General Description: A shrub or small tree, to 6m tall, with small leaves along spiny stems, and dense sprays of white, perfumed flowers.
Flowers and Fruit: Masses of fragrant, creamy-white bunches of flowers at the end of branches. Clusters of bronze seed capsules follow flowering. Flowers from October to March. Fruit is a flat, 2-lobed capsule, to 10 mm long. This plant is sometimes called ‘Shepherd’s Purse’ which refers to the shape of the seed capsules.
Site Preference and Tolerances: Prefers heavy textured soils. It is found on a variety of habitats, usually occurring as a tree in sheltered moist gullies and as a more spindly shrub on drier sites like rocky hill tops and rises.
Life Span: Bursaria’s are hardy, long-lived (80+ years), colonise marginal and disturbed sites and regenerate from rhizomes after fire.
Wildlife Value: This species should be given a high priority in vegetation projects as it provides an important link in biological diversity for a large array of insects, beetles and spiders, for example:
- It is a butterfly food plant and provides food for caterpillars of Bright Copper, Eltham Copper and Dull Copper butterflies.
- The threatened Eltham Copper Butterfly has a close association with a group of ants. The butterfly larvae live within the underground nests of the ants, and emerge at night to feed on their food plant. The ants protect the Eltham Copper larvae while they feed, and in return the ants feed upon secretions from the butterfly larvae which feed only upon Sweet Bursaria. This is an example of a complex plant-butterfly-ant ecological interaction.
- The nectar is usually produced at a time when it provides enough energy for a small wasp which parasitizes eucalypt eating Christmas Beetles. The wasp lays eggs within the body of the beetles and thus helps to control their often virulent and defoliating outbreaks.
- The nectar also feeds wasps which parasitise leaf-eating scarab insects and pasture grubs, Sweet Bursaria also hosts insects that feed on saw-fly larvae that infest eucalypts.
- The thorny foliage is a protective refuge and a source of spider webs for nesting finches and for other small birds.
- Sweet Bursaria helps threatened woodland birds and fauna by providing a more diverse variety of foods over a longer period. A recent ‘state of Australian birds’ publication by Birds Australia said that the disproportional clearance of better quality land has meant that there are now less nectar resources for honeyeaters and insects during summer and autumn which is when the Sweet Bursaria flowers.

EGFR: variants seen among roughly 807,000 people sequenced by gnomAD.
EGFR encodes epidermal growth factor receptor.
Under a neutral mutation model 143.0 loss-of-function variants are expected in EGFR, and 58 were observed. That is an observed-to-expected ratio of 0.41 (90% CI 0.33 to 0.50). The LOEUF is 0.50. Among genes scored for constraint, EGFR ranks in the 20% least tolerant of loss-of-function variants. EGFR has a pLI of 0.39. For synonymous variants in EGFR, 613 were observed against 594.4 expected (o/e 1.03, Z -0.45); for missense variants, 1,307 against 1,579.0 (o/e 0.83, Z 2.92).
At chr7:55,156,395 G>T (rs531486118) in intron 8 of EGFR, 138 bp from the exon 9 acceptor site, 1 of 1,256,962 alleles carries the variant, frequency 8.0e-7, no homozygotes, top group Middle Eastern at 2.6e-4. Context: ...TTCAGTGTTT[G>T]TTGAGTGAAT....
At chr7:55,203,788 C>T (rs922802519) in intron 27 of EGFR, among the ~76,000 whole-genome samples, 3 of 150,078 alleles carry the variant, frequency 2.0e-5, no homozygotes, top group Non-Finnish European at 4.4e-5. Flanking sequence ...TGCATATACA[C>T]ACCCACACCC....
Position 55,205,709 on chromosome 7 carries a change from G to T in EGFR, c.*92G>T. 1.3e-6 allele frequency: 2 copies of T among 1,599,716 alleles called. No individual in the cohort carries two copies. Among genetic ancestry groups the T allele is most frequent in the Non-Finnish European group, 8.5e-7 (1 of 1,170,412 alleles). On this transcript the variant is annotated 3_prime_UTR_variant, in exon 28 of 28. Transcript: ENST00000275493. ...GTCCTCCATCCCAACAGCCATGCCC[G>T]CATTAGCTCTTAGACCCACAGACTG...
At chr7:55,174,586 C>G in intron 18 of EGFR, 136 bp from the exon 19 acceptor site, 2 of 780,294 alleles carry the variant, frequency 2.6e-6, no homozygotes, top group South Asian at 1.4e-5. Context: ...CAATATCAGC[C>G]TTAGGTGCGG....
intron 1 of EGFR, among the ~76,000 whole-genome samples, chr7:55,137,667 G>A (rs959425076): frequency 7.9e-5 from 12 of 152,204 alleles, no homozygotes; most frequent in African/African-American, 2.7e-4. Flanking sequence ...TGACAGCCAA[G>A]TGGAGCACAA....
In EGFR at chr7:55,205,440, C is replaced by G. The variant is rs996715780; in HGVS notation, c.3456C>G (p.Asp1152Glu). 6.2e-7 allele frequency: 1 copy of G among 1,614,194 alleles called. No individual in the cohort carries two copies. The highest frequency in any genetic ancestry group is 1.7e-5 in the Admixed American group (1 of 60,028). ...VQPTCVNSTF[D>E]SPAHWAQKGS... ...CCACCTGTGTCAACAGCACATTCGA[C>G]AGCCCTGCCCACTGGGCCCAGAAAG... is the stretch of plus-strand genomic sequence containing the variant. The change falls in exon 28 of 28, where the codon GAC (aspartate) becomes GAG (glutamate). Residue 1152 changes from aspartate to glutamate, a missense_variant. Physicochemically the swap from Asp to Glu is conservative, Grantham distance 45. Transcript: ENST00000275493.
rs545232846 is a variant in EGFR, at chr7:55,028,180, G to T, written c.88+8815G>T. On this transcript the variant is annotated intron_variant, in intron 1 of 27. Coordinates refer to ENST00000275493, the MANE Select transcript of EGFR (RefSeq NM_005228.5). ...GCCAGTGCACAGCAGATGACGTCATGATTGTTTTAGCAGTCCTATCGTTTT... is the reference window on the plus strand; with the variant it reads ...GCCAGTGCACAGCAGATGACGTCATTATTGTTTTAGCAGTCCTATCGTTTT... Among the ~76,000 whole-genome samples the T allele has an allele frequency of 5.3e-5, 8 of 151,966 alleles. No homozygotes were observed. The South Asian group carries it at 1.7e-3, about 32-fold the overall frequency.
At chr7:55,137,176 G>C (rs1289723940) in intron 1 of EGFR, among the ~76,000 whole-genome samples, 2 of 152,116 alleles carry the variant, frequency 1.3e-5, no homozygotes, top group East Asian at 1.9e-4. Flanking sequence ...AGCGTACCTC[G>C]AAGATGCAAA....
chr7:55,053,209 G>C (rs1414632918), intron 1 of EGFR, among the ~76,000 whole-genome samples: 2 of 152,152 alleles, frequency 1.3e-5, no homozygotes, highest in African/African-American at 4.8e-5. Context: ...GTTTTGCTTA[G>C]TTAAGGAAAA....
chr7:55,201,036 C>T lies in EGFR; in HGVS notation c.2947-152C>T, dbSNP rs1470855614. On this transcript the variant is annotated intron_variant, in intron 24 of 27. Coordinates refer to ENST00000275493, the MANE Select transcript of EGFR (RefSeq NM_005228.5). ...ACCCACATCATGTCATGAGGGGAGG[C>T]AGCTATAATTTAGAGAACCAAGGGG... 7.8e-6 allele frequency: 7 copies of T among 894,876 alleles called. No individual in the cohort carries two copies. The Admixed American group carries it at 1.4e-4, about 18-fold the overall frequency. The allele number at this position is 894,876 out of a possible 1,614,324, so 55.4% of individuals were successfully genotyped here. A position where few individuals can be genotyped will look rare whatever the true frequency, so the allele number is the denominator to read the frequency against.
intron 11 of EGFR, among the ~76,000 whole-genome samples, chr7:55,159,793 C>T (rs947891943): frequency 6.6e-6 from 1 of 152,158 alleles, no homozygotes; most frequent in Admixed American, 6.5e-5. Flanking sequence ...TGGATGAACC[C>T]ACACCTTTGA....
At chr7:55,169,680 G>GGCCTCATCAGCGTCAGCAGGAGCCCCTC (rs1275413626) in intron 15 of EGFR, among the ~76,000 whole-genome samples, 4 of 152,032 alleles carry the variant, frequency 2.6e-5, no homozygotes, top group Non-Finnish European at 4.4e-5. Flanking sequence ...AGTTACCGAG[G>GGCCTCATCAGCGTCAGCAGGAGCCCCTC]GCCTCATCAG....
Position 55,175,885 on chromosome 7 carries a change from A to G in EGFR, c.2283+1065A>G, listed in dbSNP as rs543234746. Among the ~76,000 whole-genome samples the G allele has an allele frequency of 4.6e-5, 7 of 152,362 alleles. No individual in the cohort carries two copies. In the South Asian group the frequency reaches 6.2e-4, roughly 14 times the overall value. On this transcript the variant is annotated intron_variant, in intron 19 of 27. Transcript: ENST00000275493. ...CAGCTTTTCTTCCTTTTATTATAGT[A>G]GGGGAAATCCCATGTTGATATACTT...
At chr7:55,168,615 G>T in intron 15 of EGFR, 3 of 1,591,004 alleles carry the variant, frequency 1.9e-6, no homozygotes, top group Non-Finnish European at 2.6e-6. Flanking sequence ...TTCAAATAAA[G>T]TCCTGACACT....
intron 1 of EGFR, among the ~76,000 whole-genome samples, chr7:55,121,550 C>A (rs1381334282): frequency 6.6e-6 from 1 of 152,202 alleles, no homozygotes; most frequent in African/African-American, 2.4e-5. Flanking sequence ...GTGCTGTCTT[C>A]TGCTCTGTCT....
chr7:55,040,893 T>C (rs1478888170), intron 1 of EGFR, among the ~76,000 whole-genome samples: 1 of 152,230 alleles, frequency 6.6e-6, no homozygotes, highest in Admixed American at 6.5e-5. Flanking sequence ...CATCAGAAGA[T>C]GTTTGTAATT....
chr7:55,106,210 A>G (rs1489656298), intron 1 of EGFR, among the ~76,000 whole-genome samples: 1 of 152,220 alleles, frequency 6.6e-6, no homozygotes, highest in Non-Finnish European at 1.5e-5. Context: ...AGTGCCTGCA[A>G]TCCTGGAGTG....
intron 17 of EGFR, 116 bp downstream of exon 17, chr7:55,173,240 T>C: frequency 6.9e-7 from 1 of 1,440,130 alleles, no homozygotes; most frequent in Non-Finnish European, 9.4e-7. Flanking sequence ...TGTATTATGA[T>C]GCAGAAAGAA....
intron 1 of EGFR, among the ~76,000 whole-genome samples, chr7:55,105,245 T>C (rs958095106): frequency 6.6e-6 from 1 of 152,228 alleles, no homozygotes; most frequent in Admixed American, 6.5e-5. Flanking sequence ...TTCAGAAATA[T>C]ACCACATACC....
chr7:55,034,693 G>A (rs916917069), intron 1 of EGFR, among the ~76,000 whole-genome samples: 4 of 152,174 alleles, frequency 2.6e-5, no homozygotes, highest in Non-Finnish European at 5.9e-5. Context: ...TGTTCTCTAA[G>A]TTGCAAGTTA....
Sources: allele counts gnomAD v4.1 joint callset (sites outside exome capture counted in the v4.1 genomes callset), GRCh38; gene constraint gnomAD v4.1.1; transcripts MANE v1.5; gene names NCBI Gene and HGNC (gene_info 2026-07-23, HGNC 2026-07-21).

Other Values and Uses: It is palatable to stock and can be used for emergency fodder. Makes an excellent hedge and low shelter plant and is useful in multi-row shelterbelts. Good for erosion control due to its fibrous root system and for recharge control as grows well on rocky sites. An effective sun-screening agent (aesculin) can be extracted from the leaves and was used by World War 2 military forces. Traditionly this was collected by boiling the leaves and collecting the resulting surface oil.
Other Scientific Names: Bursaria spinosa ssp. spinosa (“Bursaria” derives from the Greek word bursa, meaning a sac, pouch or purse-like structure and “spinosa” refers to the spiny/thorny nature).
Other Common Names: Australian Blackthorn, Blackthorn (Tas, NSW), Kurwan (Koorie name), Native Blackthorn, Native Box, Prickly Box (Tas), Tupy (Koorie name), Christmas Bush (South Australia), Whitethorn, South Australian Christmas Bush, ‘Shepherd’s Purse’ which refers to the shape of the seed capsules.
Germination Information: Cold treatment (4C for 3 to 4 weeks) improves results but our seed is stored at this temperature so this has already been done. Seed should be sown in June/July when day temperatures are about 10C and night about 5C. Seed usually has good results in about a month.